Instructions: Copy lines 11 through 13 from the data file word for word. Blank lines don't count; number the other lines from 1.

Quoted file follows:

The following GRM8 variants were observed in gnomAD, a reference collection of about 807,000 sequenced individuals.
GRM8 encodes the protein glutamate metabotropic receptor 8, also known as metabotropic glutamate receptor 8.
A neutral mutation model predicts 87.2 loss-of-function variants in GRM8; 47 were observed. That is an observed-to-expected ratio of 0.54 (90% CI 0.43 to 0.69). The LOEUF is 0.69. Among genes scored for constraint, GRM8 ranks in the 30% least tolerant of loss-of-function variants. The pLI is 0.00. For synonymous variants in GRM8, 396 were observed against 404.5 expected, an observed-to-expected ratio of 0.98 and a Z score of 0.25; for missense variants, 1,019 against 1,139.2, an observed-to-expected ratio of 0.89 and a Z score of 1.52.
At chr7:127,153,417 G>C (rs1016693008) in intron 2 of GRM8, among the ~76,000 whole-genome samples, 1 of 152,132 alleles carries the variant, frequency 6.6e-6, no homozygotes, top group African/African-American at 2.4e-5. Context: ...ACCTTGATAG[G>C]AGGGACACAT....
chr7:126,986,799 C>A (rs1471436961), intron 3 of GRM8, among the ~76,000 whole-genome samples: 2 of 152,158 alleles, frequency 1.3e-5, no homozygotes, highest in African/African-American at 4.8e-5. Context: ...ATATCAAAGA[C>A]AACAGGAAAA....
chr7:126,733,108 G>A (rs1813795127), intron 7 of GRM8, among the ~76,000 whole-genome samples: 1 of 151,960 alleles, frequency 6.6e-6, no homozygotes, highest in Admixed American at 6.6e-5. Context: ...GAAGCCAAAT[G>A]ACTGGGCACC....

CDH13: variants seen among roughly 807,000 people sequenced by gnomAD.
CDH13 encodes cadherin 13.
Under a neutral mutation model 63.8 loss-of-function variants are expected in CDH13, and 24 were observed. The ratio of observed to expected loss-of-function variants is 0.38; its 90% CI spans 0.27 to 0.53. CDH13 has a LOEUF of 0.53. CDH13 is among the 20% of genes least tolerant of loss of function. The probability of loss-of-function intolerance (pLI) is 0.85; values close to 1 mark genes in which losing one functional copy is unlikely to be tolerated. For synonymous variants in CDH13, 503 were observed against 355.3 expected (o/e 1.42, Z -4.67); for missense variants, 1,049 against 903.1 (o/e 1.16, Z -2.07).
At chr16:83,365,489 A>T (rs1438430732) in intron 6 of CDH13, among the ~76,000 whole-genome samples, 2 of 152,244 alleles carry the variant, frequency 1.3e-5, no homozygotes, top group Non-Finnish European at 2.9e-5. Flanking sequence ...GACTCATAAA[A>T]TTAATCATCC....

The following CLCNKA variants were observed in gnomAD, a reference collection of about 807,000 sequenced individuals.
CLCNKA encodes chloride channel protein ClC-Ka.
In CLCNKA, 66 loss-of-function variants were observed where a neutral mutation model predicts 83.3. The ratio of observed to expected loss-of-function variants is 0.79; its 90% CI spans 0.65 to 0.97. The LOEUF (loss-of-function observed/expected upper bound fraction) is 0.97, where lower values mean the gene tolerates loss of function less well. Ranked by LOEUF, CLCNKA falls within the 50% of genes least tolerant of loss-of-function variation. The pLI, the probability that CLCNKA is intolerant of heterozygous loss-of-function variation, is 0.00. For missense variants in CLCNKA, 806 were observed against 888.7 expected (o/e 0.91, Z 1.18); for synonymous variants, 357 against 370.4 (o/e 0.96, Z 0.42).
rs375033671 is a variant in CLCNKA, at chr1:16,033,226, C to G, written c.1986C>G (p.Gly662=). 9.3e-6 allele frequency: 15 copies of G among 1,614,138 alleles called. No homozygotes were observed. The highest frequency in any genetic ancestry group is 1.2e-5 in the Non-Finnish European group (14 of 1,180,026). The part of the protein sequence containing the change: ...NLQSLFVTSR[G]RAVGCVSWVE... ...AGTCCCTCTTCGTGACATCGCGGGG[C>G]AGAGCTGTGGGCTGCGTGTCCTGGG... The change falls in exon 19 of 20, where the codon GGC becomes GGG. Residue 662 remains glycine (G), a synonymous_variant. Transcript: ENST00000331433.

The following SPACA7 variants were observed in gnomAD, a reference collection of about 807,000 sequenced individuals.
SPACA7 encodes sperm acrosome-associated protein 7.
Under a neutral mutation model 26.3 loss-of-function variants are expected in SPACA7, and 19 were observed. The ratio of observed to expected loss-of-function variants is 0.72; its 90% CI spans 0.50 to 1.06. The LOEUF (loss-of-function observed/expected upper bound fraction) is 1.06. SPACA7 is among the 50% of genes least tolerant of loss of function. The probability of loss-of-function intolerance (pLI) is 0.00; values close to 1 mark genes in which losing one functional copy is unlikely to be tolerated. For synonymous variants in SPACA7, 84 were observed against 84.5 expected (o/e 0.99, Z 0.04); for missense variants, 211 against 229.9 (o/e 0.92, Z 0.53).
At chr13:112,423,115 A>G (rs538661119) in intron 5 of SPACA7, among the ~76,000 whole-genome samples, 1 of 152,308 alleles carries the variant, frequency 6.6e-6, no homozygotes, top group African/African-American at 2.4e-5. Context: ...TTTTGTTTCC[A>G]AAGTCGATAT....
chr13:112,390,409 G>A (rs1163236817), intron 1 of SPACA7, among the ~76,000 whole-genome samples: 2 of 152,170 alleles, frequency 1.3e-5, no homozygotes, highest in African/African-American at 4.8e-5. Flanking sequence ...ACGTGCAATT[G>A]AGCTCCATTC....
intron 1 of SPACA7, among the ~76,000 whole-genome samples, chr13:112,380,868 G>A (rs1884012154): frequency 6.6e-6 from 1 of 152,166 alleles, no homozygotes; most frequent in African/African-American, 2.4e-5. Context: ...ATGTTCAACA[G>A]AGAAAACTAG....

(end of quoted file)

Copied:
The following CLCNKA variants were observed in gnomAD, a reference collection of about 807,000 sequenced individuals.
CLCNKA encodes chloride channel protein ClC-Ka.
In CLCNKA, 66 loss-of-function variants were observed where a neutral mutation model predicts 83.3. The ratio of observed to expected loss-of-function variants is 0.79; its 90% CI spans 0.65 to 0.97. The LOEUF (loss-of-function observed/expected upper bound fraction) is 0.97, where lower values mean the gene tolerates loss of function less well. Ranked by LOEUF, CLCNKA falls within the 50% of genes least tolerant of loss-of-function variation. The pLI, the probability that CLCNKA is intolerant of heterozygous loss-of-function variation, is 0.00. For missense variants in CLCNKA, 806 were observed against 888.7 expected (o/e 0.91, Z 1.18); for synonymous variants, 357 against 370.4 (o/e 0.96, Z 0.42).